Comparison of analyses of the QTLMAS XIV common dataset. I: genomic selection

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2011-01-01
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Pszczola, Marcin
Strabel, Tomasz
Mucha, Sebastian
Szydlowski, Maciej
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Wolc, Anna
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Animal Science

The Department of Animal Science originally concerned itself with teaching the selection, breeding, feeding and care of livestock. Today it continues this study of the symbiotic relationship between animals and humans, with practical focuses on agribusiness, science, and animal management.

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The Department of Animal Husbandry was established in 1898. The name of the department was changed to the Department of Animal Science in 1962. The Department of Poultry Science was merged into the department in 1971.

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Background: For the XIV QTLMAS workshop, a dataset for traits with complex genetic architecture has been simulated and released for analyses by participants. One of the tasks was to estimate direct genomic values for individuals without phenotypes. The aim of this paper was to compare results of different approaches used by the participants to calculate direct genomic values for quantitative trait (QT) and binary trait (BT).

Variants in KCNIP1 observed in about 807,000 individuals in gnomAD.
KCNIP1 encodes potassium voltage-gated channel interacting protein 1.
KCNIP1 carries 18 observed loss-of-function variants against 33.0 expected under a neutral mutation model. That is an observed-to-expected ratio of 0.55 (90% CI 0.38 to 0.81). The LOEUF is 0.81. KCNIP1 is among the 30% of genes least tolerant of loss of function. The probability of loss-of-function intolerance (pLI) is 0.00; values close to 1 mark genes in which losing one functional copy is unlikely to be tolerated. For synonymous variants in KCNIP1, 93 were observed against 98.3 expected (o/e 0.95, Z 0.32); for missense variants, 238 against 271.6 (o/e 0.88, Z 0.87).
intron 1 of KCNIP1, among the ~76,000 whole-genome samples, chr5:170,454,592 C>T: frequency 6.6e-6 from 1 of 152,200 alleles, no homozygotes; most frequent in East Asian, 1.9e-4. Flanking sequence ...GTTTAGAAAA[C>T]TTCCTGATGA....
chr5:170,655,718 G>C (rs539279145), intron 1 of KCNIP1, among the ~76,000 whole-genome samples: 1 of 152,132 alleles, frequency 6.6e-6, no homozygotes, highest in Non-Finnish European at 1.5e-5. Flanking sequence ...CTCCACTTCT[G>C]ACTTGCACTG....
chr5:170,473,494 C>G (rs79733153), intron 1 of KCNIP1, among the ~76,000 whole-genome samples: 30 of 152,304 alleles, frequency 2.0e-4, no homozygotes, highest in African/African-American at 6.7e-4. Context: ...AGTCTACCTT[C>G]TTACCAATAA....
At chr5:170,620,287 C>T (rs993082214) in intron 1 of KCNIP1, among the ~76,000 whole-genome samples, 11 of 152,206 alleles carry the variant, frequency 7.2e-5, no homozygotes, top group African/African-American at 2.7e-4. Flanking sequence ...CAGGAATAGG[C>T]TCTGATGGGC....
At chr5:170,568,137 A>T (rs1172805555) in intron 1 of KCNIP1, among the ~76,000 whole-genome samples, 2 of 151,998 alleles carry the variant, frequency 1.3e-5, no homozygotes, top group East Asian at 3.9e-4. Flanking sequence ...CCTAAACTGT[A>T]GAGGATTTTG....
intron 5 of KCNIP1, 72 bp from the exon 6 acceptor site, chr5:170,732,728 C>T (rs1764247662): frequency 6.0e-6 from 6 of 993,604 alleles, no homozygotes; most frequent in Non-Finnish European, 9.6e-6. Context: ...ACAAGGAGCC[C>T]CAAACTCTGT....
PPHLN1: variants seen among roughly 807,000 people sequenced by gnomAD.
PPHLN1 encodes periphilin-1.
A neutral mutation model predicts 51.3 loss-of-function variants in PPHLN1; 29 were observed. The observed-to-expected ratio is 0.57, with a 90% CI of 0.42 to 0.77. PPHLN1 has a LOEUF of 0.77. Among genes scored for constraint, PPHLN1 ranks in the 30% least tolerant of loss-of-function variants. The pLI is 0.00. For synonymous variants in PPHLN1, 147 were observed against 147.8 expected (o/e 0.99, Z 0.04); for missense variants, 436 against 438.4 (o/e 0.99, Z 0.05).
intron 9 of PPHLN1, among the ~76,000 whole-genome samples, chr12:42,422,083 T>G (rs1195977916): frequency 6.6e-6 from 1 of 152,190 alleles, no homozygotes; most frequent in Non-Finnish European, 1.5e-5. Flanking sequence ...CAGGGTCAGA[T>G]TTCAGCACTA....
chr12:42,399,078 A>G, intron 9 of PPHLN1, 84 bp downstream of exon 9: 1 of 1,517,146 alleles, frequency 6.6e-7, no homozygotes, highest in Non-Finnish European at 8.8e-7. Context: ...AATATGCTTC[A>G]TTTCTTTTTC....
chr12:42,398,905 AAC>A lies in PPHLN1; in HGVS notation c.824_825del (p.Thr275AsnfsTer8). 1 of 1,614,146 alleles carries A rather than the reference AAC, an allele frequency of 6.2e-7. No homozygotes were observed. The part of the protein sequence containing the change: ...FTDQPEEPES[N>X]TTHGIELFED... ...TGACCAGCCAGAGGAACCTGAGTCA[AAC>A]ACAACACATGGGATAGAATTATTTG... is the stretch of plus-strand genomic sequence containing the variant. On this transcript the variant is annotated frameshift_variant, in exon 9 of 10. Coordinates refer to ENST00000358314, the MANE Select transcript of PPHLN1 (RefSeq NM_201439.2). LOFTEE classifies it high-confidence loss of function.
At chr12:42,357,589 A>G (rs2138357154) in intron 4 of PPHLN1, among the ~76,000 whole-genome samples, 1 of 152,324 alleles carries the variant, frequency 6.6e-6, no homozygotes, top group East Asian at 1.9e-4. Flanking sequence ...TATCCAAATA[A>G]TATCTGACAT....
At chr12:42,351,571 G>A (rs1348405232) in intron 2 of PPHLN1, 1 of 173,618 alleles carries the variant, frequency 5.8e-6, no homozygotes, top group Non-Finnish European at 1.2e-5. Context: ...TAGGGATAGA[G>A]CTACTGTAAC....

Results: Participants applied 26 approaches for QT and 15 approaches for BT. Accuracy for QT was between 0.26 and 0.89 for males and between 0.31 and 0.89 for females, and for BT ranged from 0.27 to 0.85. For QT, percentage of lost response to selection varied from 8% to 83%, whereas for BT the loss was between 15% and 71%.

Conclusions: Bayesian model averaging methods predicted breeding values slightly better than GBLUP in a simulated data set. The methods utilizing genomic information performed better than traditional pedigree based BLUP analyses. Bivariate analyses was slightly advantageous over single trait for the same method. None of the methods estimated the non-additivity of QTL affecting the QT, which may be one of the constrains in accuracy observed in real data.

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This proceeding is published as Pszczola, M., Strabel, T., Wolc, A. et al. Comparison of analyses of the QTLMAS XIV common dataset. I: genomic selection. BMC Proc 5, S1 (2011). doi: 10.1186/1753-6561-5-S3-S1.

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Sat Jan 01 00:00:00 UTC 2011